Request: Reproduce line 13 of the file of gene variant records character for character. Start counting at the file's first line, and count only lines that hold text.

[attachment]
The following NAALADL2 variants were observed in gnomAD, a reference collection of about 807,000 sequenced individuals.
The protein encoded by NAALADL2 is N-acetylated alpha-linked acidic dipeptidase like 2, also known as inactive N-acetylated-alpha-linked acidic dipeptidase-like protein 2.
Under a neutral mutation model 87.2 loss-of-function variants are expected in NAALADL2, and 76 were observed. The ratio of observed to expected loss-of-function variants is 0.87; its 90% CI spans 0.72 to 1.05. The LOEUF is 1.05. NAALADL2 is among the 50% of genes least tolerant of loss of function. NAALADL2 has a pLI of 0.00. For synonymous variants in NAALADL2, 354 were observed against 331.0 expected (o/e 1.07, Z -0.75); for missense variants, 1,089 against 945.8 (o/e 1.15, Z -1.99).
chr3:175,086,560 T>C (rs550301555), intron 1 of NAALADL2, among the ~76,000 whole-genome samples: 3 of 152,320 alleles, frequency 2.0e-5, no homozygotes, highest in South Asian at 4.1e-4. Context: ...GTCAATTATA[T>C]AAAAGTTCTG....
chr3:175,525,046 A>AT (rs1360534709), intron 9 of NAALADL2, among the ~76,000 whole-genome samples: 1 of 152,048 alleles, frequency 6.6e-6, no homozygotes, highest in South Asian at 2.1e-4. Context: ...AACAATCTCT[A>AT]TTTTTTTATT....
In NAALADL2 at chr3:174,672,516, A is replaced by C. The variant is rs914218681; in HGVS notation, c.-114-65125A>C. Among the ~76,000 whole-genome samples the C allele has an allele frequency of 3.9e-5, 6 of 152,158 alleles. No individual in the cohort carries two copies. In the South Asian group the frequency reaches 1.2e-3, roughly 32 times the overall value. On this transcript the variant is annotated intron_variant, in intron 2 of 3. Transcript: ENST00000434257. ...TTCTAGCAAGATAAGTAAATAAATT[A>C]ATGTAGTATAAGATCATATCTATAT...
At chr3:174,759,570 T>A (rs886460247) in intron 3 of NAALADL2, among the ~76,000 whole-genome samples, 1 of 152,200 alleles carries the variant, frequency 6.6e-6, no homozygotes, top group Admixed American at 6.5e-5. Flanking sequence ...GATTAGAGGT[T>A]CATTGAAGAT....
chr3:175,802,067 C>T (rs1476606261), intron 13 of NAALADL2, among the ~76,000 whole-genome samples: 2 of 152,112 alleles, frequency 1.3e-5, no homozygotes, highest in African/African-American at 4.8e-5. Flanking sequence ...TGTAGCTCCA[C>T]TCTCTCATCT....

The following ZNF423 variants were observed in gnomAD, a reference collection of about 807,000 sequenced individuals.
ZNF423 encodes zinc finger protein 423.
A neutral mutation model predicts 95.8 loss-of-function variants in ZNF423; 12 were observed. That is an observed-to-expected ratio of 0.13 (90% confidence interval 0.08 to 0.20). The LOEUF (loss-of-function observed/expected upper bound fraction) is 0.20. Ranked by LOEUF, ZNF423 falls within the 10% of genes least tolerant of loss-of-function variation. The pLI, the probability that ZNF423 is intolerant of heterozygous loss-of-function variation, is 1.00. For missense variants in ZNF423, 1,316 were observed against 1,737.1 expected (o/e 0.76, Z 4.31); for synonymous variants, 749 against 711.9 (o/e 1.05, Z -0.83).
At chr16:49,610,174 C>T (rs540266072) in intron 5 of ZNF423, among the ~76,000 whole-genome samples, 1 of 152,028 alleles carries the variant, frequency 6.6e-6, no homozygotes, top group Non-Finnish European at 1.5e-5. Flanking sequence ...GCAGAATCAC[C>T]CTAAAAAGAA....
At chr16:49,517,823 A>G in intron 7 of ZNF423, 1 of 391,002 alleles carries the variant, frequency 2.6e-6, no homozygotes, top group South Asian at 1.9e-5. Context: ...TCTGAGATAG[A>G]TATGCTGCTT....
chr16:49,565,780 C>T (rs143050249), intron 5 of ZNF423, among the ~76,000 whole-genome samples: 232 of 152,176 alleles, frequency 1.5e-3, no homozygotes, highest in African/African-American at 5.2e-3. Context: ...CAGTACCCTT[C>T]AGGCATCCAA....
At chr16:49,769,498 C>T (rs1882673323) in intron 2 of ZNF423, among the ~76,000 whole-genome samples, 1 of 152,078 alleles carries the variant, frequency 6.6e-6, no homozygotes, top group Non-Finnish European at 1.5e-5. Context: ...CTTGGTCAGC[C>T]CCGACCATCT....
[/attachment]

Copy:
At chr16:49,517,823 A>G in intron 7 of ZNF423, 1 of 391,002 alleles carries the variant, frequency 2.6e-6, no homozygotes, top group South Asian at 1.9e-5. Context: ...TCTGAGATAG[A>G]TATGCTGCTT....